“However, it seems the judgment and such legal standards have largely been ignored,” Gupta writes.
Because the Bill permits exemption to the government from most data protection obligations if the processing is carried out “in the interests of prevention, detection, investigation of any offence or any other contravention of any law”.
Besides, as noted by Goyal, a complete exemption can be granted when personal data is being processed “in the interests of sovereignty and integrity of India, security of the State, friendly relations with foreign states, maintenance of public order or preventing incitement to any cognizable offence relating to any of these”.
“This is a lower standard than the one prescribed under the privacy judgment,” Gupta adds.
The Union government can also notify similar exemption to certain data fiduciaries on grounds of “volume and natural of personal data” being processed. This is irrespective of purpose.
DUTIES ON DATA PRINCIPALS
The DPDP bill also does not allow data principals to seek compensation from data fiduciaries in cases of unlawful processing. But, it does place duties on data principals, which could lead to penalties. This, according to Goyal, is “a very unusual move and perhaps the only one of its kind among data protection legislations.”
For instance, now a penalty can be imposed on a data principal for registering “a false or frivolous grievance or complaint with a Data Fiduciary or the Board.” What a Data Fiduciary may consider a frivolous grievance or complain is unknown at the moment, but this duty (under Clause 16 (2)) can have a chilling effect on users.
They are also mandated (under 16 (1)) to comply with provisions of all applicable laws while exercising their rights under this Act. How all data principals are expected to know and remember all the applicable laws remains unclear, as well.
IMPACT ON RTI ACT
Experts have, further, observed that Clause 30 of the Bill weakens the Right to Information Act.
Clause 30(2) proposes amendment to Section 8(j) of the RTI Act.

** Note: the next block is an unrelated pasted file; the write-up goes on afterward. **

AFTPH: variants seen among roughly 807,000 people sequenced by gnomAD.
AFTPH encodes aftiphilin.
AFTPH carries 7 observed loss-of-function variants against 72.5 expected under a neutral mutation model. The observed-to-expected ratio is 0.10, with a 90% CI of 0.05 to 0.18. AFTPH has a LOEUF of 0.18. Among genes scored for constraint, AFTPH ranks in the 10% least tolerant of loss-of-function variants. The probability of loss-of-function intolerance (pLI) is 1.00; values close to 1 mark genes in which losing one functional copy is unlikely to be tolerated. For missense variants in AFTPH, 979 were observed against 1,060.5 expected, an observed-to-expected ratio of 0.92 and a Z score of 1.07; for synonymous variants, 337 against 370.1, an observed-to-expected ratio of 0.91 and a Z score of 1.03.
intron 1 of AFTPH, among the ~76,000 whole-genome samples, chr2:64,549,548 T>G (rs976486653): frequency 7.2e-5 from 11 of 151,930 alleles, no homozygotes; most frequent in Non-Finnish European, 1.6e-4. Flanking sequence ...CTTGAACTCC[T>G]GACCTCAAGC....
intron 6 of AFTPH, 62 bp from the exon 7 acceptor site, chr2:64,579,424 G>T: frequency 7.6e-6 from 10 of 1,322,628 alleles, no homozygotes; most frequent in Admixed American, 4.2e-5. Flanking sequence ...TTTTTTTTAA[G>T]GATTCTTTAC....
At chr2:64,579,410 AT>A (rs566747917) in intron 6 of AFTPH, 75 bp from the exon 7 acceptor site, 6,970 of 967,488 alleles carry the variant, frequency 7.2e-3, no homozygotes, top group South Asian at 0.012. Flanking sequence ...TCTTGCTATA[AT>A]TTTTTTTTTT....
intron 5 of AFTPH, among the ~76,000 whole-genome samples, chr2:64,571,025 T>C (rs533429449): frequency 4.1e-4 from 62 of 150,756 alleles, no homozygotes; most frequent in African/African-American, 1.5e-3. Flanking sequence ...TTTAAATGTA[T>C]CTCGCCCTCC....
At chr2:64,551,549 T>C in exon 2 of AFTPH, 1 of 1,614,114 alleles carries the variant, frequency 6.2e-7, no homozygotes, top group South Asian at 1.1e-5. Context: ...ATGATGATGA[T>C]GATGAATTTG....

Section 8(j) presently exempts disclosure of “information with relates to personal information” which has no relationship to any public activity or interest, or which would cause unwarranted invasion of the privacy of the individual. But this is unless the Central Public Information Officer (or a similar appropriate authority) is satisfied that the the larger public interest justifies the disclosure. The provision to this section further states that “the information, which cannot be denied to the Parliament or a State Legislature shall not be denied to any person.”
However, the DPDP Bill proposes to amend this section to omit all words, except “information which relates to personal information.”
What this essentially means is, if the amendment is approved, personal information will be completely exempt from disclosure. This is even if the relevant authority would have otherwise found that disclosure to be consequential to larger public interest.
Former Central Information Commissioner Shailesh Gandhi told LiveLaw:
“This will make RTI Right to Denial of Information. Most information relates to a person and thus could be denied…This is the biggest step to weaken RTI and its potential to curb corruption and wrongdoing…”
VAGUENESS OF LANGUAGE, VAST SURVEILLANCE: OTHER CONCERNS WITH THE BILL
“...the simplicity of the drafting choices of the Digital Data Protection Bill, 2022 comes at the price of individual privacy,” Gupta writes in his article.
This is because while the bill appears to be written with brevity and in plain English, it is riddled with vagueness.
According to Gupta, “Vagueness animates several proposed clauses that create vast regulatory power for the central government. They will determine significant policy choices that are usually first prescribed, but presently absent in legislative guidance.”
This means that when the bill does not specify and limit the scope of the central government, and leaves a lot for "as may be prescribed", it paves the way for unprecedented control of personal data by the State. It also reduces the checks on data fiduciaries and threatens the privacy of the data principal.
Further, Gupta laments that clause 16 of the Bill which mandates users to furnish “verifiably authentic” information, coupled with the authentication requirements under Telecommunications Bill, 2022 can lead to “the creation of a vast surveillance apparatus.” This is because a user refusing to supply such “verifiably authentic” information faces penalties and denial of service.
(With inputs from The Hindu, The Indian Express, LiveLaw and PTI.)